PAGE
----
Assistant Professor, Division of General Internal Medicine, San Francisco General Hospital, Department of Medicine, UCSF
Dr. Nynikka Palmer received her undergraduate training from Morgan State University, where she obtained a degree in health education with honors. She then earned a master’s degree in public health from Emory University’s Rollins School of Public Health and subsequently worked for 3 years at the American Cancer Society in Atlanta, Georgia collaborating with community organizations on cancer education and early detection in minority and underserved communities. Dr. Palmer then earned a doctorate in public health, in behavioral sciences and health promotion from the University of Texas, School of Public Health in Houston. During her doctoral program, she was a pre-doctoral fellow in an NCI-sponsored cancer prevention and control training program. She extended her training in cancer with a focus on cancer survivorship and health disparities as a postdoctoral fellow on an NCI-sponsored training award at Wake Forest School of Medicine. Dr. Palmer was recruited to join the faculty at UCSF in 2013 to further establish her research in cancer health disparities. Currently, she is an Assistant Professor, with a primary appointment in the Division of General Internal Medicine at Zuckerberg San Francisco General Hospital and Trauma Center (ZSFGH) and secondary appointments in Urology and Radiation Oncology. Dr. Palmer is also an Associate member of the UCSF Helen Diller Family Comprehensive Cancer Center and an Associate Faculty member of the Center for Vulnerable Populations at ZSFGH.
Dr. Palmer’s research is grounded in cancer disparities and has progressed over the years to focus on racial/ethnic and geographic disparities (e.g., rural/urban) in cancer, challenges faced by male cancer survivors, prostate cancer in African American men, and quality cancer care. During her postdoctoral fellowship, she examined racial/ethnic disparities in health care receipt among male cancer survivors, rural/urban disparities in cancer survivors forgoing care because of cost, and racial/ethnic disparities in patient-provider communication, quality of care ratings, and patient activation among long-term cancer survivors. Dr. Palmer is particularly interested in prostate cancer among African American men, and has examined African American prostate cancer survivors’ treatment decision-making and their subsequent quality of life. Findings from these studies have directed her research agenda to further understand and examine quality of care and patient-provider communication among African American men with prostate cancer, particularly in low-income communities. Dr. Palmer’s long-term goal is to move beyond identifying cancer disparities to developing, implementing, and disseminating interventions and programs that will ultimately reduce the burden of cancer among vulnerable populations.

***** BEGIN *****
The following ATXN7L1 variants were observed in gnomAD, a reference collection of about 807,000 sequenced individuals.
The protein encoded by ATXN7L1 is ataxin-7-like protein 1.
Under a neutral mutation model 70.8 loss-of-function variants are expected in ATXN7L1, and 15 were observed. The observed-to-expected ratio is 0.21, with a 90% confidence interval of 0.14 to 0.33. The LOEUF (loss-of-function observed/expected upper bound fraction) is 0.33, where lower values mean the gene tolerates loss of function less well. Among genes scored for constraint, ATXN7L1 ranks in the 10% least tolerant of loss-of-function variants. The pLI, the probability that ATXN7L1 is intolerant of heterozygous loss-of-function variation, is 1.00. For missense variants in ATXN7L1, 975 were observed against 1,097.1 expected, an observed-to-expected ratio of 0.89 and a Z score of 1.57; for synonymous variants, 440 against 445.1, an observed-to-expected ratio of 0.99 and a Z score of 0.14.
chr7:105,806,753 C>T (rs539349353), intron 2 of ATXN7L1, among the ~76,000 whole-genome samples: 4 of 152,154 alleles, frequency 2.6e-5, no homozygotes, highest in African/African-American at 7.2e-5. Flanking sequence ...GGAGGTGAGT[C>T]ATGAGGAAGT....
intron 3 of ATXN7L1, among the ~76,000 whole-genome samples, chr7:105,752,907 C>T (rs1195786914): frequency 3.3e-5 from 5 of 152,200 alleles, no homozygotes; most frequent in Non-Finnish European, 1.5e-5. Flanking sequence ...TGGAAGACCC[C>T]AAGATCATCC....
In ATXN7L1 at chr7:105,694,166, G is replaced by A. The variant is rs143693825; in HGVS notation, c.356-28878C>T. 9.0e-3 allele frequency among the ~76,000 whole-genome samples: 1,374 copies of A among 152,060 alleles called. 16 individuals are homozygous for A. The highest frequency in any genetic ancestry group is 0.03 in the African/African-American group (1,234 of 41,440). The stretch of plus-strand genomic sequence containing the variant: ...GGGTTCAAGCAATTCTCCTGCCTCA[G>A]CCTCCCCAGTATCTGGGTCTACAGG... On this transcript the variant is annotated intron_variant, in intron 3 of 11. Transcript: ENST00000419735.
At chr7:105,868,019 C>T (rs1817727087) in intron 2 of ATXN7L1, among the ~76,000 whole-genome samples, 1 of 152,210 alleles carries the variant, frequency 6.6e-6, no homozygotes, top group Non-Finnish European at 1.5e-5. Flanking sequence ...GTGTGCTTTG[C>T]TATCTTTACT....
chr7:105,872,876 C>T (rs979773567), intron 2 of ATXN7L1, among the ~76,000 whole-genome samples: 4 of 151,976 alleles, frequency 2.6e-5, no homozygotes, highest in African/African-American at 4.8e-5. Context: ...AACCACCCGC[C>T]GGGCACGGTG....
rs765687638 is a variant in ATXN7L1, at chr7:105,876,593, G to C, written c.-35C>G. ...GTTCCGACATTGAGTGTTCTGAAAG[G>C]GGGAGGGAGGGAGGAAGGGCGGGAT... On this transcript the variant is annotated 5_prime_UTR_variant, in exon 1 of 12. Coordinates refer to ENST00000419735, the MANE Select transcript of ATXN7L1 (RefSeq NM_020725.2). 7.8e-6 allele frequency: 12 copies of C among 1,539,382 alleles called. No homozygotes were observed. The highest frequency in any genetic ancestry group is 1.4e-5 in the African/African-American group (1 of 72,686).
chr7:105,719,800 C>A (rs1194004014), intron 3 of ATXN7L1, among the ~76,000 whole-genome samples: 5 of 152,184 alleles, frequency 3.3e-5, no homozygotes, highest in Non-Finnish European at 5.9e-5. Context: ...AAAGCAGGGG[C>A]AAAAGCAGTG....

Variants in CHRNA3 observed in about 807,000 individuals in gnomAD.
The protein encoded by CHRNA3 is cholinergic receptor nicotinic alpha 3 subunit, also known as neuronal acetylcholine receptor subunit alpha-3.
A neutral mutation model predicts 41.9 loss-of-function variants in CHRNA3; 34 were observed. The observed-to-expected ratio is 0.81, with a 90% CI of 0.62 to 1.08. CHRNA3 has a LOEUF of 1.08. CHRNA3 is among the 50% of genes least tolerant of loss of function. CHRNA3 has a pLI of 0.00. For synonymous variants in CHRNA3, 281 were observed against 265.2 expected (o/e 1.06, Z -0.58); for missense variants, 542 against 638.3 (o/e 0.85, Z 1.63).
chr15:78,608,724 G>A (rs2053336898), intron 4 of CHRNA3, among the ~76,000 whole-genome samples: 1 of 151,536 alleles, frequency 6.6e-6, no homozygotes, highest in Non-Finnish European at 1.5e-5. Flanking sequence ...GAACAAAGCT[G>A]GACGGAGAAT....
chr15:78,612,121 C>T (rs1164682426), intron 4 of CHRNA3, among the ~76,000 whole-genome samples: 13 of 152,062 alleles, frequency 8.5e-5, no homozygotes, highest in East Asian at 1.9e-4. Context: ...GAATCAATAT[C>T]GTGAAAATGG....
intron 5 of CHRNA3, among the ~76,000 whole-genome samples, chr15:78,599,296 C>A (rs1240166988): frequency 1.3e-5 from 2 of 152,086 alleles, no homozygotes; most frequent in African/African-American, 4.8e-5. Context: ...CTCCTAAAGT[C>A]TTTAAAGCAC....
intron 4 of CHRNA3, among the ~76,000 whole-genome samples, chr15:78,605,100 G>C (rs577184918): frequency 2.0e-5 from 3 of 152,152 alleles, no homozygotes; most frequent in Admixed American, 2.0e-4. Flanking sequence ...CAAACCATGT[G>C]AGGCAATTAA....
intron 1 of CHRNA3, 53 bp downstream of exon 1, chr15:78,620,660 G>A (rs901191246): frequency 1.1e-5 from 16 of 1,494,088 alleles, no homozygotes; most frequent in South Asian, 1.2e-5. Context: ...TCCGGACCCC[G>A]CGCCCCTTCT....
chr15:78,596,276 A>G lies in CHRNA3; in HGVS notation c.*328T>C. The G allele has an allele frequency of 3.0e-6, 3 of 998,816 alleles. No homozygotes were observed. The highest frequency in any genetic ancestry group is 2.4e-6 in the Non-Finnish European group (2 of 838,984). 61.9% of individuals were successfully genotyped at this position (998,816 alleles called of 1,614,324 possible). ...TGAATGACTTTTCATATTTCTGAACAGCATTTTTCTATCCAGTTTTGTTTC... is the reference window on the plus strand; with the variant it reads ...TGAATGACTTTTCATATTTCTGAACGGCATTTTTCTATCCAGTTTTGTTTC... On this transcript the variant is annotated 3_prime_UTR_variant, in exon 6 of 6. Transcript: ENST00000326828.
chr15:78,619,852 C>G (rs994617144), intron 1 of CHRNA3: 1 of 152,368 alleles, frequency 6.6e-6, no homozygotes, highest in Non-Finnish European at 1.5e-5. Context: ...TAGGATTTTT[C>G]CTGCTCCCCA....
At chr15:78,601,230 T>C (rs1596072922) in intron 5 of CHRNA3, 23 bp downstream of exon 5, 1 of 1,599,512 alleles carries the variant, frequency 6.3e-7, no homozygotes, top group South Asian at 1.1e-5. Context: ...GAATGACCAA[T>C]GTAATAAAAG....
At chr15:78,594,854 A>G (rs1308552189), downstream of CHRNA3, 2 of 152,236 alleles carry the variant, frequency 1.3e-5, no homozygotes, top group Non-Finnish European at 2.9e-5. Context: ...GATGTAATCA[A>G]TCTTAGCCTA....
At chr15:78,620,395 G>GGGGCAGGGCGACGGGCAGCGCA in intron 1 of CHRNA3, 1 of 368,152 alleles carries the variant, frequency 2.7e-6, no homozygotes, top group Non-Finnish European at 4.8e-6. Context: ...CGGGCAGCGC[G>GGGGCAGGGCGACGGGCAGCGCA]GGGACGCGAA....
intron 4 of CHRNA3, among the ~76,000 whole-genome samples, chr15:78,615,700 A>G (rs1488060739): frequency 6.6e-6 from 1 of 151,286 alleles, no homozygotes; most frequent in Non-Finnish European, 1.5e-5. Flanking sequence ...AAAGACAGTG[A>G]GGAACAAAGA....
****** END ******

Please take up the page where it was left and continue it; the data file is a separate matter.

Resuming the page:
Morgan State University, Baltimore, MD, BS, 05/00, Community Health Education
Emory University, Atlanta, GA, MPH, 05/02, Behavioral Science Health Education
University of Texas, Houston, TX, DrPH, 08/10, Health Promotion Behavioral Science
Wake Forest School of Medicine, Winston-Salem, NC, Fellowship, 09/13, Cancer Prevention & Control – Cancer Survivorship